Monday, November 13, 2006

KB Homes CEO quits in stock option scandal

Wonder what effect this will have on new prices in Las Vegas??? -Steve Harless


Associated Press

Los Angeles — One of the nation's highest-paid executives has left his job after becoming ensnared in a stock options scandal that already has forced dozens of companies across the country to wipe out billions in combined profits.

Bruce Karatz, chairman and CEO of KB Homes, agreed to retire Sunday and repay the Los Angeles-based company $13-million (U.S.) after an internal report concluded the home construction company incorrectly reported stock option grants.

Jeffrey T. Mezger, KB's executive vice president and chief operating officer since 1999, will succeed Mr. Karatz, the company announced.

The company also announced the firing of Gary A. Ray, head of human resources, and the resignation of Richard B. Hirst, executive vice president and chief legal officer.

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The board concluded Mr. Karatz and Mr. Ray “selected grant dates under the company's stock option plans,” the company said. Additionally, the review found that other senior executives “had no role in establishing incorrect grant dates.”

Mr. Karatz, 61, is the latest corner-office victim of so-called backdating of employee stock options without properly accounting for the manoeuvre. So far, at least 30 executives and directors, including William McGuire of UnitedHealth Group Inc., have lost their jobs. Mr. McGuire resigned as chairman last month and UnitedHealth said he will step down as CEO by Dec. 1. More than 160 companies nationwide have disclosed their stock option practices are under internal review or being investigated by the government.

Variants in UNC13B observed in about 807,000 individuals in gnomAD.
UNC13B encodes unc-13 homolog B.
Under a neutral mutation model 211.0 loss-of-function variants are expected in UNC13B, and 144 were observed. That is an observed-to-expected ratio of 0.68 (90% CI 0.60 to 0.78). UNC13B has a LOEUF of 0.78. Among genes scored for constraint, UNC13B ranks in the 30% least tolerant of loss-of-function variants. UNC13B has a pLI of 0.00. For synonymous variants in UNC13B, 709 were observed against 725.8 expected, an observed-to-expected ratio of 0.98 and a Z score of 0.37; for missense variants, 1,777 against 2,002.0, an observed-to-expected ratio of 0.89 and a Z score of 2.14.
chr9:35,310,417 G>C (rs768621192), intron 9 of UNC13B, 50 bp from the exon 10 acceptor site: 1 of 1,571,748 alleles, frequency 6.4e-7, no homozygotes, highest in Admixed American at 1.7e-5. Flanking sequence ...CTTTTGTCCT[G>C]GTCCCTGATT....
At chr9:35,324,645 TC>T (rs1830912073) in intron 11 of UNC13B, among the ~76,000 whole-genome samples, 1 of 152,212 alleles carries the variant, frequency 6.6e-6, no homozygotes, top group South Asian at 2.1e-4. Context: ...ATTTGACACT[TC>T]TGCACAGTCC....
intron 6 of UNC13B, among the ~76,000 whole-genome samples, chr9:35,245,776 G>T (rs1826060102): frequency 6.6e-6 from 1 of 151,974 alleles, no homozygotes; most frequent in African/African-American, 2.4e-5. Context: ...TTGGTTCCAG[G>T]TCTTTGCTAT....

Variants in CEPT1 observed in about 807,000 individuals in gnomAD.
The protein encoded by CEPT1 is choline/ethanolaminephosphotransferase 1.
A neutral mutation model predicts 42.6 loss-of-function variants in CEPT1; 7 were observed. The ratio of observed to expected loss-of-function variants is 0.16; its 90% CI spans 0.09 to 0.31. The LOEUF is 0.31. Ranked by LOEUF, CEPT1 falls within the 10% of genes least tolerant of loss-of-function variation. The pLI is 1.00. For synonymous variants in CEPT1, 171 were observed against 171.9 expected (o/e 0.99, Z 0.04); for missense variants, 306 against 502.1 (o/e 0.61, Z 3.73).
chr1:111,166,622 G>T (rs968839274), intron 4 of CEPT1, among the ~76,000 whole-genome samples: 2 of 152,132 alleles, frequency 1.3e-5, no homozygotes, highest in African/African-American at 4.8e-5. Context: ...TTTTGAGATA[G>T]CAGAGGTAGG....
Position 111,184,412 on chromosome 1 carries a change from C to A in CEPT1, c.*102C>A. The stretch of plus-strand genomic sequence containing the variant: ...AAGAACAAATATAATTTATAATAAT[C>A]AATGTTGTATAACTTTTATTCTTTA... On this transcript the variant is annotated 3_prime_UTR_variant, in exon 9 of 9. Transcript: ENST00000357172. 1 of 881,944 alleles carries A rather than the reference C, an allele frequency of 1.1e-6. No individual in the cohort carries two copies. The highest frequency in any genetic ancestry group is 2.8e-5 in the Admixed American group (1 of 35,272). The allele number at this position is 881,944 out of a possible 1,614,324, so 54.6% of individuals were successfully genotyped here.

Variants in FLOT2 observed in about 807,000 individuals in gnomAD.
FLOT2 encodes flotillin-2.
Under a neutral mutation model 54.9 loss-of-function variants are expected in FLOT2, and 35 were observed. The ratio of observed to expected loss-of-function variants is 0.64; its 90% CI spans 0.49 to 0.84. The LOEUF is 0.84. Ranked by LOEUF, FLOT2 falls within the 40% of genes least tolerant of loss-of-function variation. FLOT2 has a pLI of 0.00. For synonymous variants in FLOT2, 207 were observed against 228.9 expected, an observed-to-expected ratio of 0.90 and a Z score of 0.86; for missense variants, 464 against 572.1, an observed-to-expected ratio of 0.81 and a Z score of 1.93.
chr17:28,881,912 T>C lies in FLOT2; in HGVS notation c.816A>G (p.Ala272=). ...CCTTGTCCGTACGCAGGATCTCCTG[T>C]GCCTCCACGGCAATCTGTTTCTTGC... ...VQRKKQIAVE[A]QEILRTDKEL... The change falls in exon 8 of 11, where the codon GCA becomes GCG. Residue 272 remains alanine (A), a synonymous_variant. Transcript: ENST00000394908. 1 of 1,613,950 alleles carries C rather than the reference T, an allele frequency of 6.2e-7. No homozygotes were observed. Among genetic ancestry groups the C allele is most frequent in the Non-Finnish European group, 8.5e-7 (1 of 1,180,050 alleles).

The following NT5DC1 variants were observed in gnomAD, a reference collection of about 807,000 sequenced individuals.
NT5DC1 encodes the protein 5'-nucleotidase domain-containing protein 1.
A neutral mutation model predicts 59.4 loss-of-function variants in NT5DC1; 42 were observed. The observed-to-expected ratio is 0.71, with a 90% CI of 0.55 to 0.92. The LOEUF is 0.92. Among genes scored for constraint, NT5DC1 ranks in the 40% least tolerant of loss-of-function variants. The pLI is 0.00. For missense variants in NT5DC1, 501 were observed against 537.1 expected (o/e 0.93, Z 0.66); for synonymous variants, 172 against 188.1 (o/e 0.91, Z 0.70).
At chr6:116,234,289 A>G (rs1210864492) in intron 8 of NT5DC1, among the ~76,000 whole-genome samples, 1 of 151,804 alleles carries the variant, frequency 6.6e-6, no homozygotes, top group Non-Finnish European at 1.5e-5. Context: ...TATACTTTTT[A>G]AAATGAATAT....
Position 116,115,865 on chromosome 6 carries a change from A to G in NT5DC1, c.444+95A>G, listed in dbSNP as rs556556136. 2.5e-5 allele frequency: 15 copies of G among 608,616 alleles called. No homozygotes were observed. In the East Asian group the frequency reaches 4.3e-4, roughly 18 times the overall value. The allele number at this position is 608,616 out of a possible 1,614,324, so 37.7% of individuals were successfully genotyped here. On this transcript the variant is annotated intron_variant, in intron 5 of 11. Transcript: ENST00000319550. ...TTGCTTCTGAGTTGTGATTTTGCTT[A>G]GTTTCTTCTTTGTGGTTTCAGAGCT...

Backdating isn't necessarily illegal as long as backdated stock options are properly recorded on the company books. If the accounting for the rewards is bungled, it can exaggerate corporate profits and improperly lower taxes.

The company's review didn't reach any conclusion about whether there was intentional wrongdoing on Mr. Karatz's part.

The KB review found the company used incorrect measurement dates for financial reporting purposes for yearly stock option grants from 1998 to 2005, the company said in a statement. As a result of the errors, KB expects a non-cash compensation expense of no more than $50-million. It said the errors may also require an increased tax provision.

KB was still determining whether to restate previously filed financial statements. It said it was co-operating with a Securities and Exchange Commission inquiry.

Mr. Karatz was one of the highest-paid executives in 2005, making $155.9-million, mostly from exercising options, according to the Wall Street Journal. He had served as KB's CEO since 1986.

“I am extremely proud of everything that the entire KB team and I have accomplished over the past 20-plus years,” Mr. Karatz said in a statement.

KB Homes, one of the largest home construction companies and land developers in the nation, said in September that revenue increased 6 per cent during its fiscal third quarter but noted that net home orders fell 43 per cent during the period, in part due to cancellations.